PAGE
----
Roatan is often referred to as the Caribbean's best-kept secret. The island's most outstanding feature is the coral reef that virtually encircles it: it is part of the second largest reef system in the world. And Roatan's reef is highly accessible.
History The Bay Islands are made up of eight islands and sixty-five "cays": Roatan is the largest. Around 35 miles long and never more than four miles wide, its total area is 49 square miles. Neighboring Guanaja (discovered by Christopher Columbus on his fourth voyage) covers 21.6 square miles and Utila almost 16.
Climate Rain can fall at almost any time of year, although it rarely lasts for long. Temperatures vary little: the average for January is 78 degrees Fahrenheit (26 degrees Centigrade) with 84 degrees (29 Centigrade) in September. The Bay Islands benefit from relatively constant but gentle trade winds. Although they lie close to the hurricane belt, records show they are struck on average only once every ten years (the last, Wilma in October 2005, caused almost no structural damage despite high seas and gale force winds for a couple of days).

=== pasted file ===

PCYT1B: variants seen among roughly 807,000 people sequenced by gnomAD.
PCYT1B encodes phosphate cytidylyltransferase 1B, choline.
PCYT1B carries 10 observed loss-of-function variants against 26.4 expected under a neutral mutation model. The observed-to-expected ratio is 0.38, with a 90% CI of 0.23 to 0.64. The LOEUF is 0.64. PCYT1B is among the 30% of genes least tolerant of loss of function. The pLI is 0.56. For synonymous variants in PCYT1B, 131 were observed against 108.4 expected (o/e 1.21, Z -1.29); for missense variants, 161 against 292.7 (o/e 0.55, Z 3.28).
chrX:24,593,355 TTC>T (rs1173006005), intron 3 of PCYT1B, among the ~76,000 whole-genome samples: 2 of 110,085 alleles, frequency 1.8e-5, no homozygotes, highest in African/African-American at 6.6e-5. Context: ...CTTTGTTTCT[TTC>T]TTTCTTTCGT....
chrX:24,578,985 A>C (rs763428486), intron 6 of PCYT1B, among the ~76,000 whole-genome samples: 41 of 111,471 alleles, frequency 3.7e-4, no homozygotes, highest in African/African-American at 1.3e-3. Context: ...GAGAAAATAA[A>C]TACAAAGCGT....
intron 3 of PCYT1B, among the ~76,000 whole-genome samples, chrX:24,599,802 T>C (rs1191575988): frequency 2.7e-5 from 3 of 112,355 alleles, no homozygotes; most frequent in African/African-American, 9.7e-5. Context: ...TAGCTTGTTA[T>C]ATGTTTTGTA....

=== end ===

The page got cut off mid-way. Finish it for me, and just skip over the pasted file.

People Islanders have an extraordinarily varied background. There are descendants of the original Paya Indians, of Spanish conquerors, of the English and Scottish pirates who colonized Roatan in the 17th and 18th centuries, and of settlers from mainland Honduras. Then there are the Garifunas, descendants of freed slaves from the Caribbean island of St Vincent, who maintain their traditional cultural ways in two local communities. English and Spanish are spoken interchangeably and the varied ethnic mix - topped up by tourists from around the world - is cheerful, tolerant and, above all, friendly.